[0147] Furthermore, the controller 30 may also increase a load on the engine 11 by increasing the discharge pressure of the main pump 14.

[0148] Here, a description is given, with reference to FIGS. 13 and 14, of configurations of increasing a load on the engine 11 by increasing the discharge pressure of the main pump 14. Each of FIGS. 13 and 14 is a schematic diagram illustrating yet another configuration of the hydraulic system installed in the shovel of FIG. 1, and corresponds to an enlarged view of the main pump 14L of FIG. 3 and its surrounding. Furthermore, each of the configurations illustrated in FIGS. 13 and 14 is disposed on the discharge side of the main pump 14L, but may alternatively be disposed on the discharge side of the main pump 14R or on the discharge side of each of the main pumps 14L and 14R.

[0149] First, a description is given of the hydraulic system of FIG. 13. The hydraulic system of FIG. 13 is different from the hydraulic system of FIG. 3 in including a relief valve 60 and a selector valve 61 on the upstream side of a branch point BP of the center bypass conduit 40L and a bypass conduit 42L, but is otherwise the same. Accordingly, a description of the same part is omitted, while differences are described in detail.

[0150] The bypass conduit 42L is a high-pressure hydraulic line that passes through the flow control valve 170, which is a straight travel valve disposed in the control valve 17, and extends parallel to the center bypass conduit 40L.

[0151] The relief valve 60 is a valve for preventing the discharge pressure of the main pump 14L from exceeding a predetermined relief pressure. Specifically, the relief valve 60 discharges hydraulic oil on the discharge side of the main pump 14L to a hydraulic oil tank when the discharge pressure of the main pump 14L reaches a predetermined relief pressure.

[0152] The selector valve 61 is a valve that controls a flow of hydraulic oil from the main pump 14L to the flow control valves 170 and 171. According to this embodiment, the selector valve 61 is a two-port, two-position solenoid valve, and switches valve positions in accordance with a control command from the controller 30. Alternatively, the selector valve 61 may be a proportional valve that operates with a pilot pressure. Specifically, the selector valve 61 has a first position and a second position as valve positions. The first position is a valve position that causes the main pump 14L to communicate with the flow control valves 170 and 171. Furthermore, the second position is a valve position that interrupts the communication between the main pump 14L and the flow control valves 170 and 171. The parenthesized numbers in the drawing indicate the numbers of the valve positions. The same is the case with other selector valves.

[0153] The controller 30 outputs a control command to the selector valve 61 and holds the valve position of the selector valve 61 switched from the first position to the second position for a predetermined time when the shovel is in the standby mode and the controller 30 determines that a lever operation has been started. As a result, the discharge pressure of the main pump 14L rises to a predetermined relief pressure. When the discharge pressure of the main pump 14L reaches the predetermined relief pressure, the relief valve 60 opens so as to discharge hydraulic oil on the discharge side of the main pump 14L to the hydraulic oil tank.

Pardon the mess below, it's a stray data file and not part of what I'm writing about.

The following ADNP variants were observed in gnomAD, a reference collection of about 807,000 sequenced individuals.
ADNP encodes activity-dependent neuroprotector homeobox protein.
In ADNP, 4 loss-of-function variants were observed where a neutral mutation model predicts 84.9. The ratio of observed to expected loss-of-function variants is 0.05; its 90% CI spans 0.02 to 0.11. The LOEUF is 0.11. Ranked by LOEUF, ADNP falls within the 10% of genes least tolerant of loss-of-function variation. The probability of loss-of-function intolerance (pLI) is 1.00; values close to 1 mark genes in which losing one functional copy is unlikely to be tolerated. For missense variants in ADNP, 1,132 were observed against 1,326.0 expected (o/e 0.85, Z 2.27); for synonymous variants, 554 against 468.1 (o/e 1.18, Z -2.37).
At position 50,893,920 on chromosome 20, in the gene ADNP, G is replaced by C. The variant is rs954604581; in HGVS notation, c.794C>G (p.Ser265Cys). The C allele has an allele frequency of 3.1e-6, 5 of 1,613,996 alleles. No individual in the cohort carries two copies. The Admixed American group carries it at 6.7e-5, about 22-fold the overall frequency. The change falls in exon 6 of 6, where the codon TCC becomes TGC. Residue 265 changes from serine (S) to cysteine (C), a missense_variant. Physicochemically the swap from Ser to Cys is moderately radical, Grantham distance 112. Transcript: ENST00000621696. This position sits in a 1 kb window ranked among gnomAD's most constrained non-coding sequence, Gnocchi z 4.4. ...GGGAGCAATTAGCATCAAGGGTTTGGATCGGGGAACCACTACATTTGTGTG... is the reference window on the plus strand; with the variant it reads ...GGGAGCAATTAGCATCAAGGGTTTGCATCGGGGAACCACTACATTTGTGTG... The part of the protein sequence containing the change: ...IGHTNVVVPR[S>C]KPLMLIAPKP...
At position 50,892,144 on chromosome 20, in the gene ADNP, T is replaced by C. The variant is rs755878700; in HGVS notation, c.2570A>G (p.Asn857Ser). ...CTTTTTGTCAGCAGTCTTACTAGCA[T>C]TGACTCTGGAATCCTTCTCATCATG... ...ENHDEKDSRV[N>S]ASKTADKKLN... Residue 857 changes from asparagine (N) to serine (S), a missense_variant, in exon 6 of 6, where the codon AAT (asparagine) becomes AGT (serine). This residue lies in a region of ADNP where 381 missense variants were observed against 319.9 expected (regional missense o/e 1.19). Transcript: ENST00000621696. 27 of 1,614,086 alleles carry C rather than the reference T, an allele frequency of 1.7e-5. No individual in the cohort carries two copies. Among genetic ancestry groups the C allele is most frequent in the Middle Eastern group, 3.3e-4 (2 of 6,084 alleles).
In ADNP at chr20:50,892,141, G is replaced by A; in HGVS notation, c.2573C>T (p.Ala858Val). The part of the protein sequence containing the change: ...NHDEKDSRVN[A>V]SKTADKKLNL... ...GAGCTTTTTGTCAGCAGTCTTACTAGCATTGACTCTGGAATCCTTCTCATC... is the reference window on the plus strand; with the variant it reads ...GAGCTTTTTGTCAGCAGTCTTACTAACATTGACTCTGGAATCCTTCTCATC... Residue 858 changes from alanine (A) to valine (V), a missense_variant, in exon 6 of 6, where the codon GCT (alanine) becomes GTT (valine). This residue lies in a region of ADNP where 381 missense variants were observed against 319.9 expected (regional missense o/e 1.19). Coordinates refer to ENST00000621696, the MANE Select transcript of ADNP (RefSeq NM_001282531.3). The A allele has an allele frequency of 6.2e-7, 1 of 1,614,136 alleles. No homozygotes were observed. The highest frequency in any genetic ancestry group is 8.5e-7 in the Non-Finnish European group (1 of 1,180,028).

[0154] This configuration makes it possible for the controller 30 to temporarily and automatically increase the horsepower absorbed by the main pump 14 that is expressed by the product of the discharge pressure and the discharge quantity before a load is applied to a hydraulic actuator. That is, it is possible to increase an engine load before a hydraulic actuator load increases. As a result, it is possible for the controller 30 to achieve the same effect as in the case of executing the absorbed horsepower increasing operation of FIG. 8 using the hydraulic system of FIG. 3, that is, the same effect as in the case of temporarily and automatically increasing the horsepower absorbed by the main pump 14 by increasing the discharge quantity of the main pump 14.

[0155] Next, a description is given of the hydraulic system of FIG. 14. The hydraulic system of FIG. 14 is different from the hydraulic system of FIG. 3 in including a selector valve 62 on the downstream side of the branch point BP of the center bypass conduit 40L and the bypass conduit 42L, but is otherwise the same. Accordingly, a description of the same part is omitted, while differences are described in detail.

[0156] The selector valve 62 is a valve that controls a flow of hydraulic oil from the main pump 14L to the flow control valve 171. According to this embodiment, the selector valve 62 is a two-port, two-position solenoid valve, and switches valve positions in accordance with a control command from the controller 30. Alternatively, the selector valve 62 may be a proportional valve that operates with a pilot pressure. Specifically, the selector valve 62 has a first position and a second position as valve positions. The first position is a valve position that causes the main pump 14L to communicate with the PT port of the flow control valve 171. Furthermore, the second position is a valve position that interrupts the communication between the main pump 14L and the PT port of the flow control valve 171.

[0157] The controller 30 outputs a control command to the selector valve 62 and holds the valve position of the selector valve 62 switched from the first position to the second position for a predetermined time when the shovel is in the standby mode and the controller 30 determines that a lever operation has been started. As a result, the communication between the main pump 14L and the PT port of the flow control valve 171 is interrupted, so that hydraulic oil discharged by the main pump 14L flows into the bypass conduit 42L. According to this embodiment, the pipe diameter of the bypass conduit 42L is smaller than the pipe diameter of the center bypass diameter 40L. Therefore, the discharge pressure of the main pump 14L increases.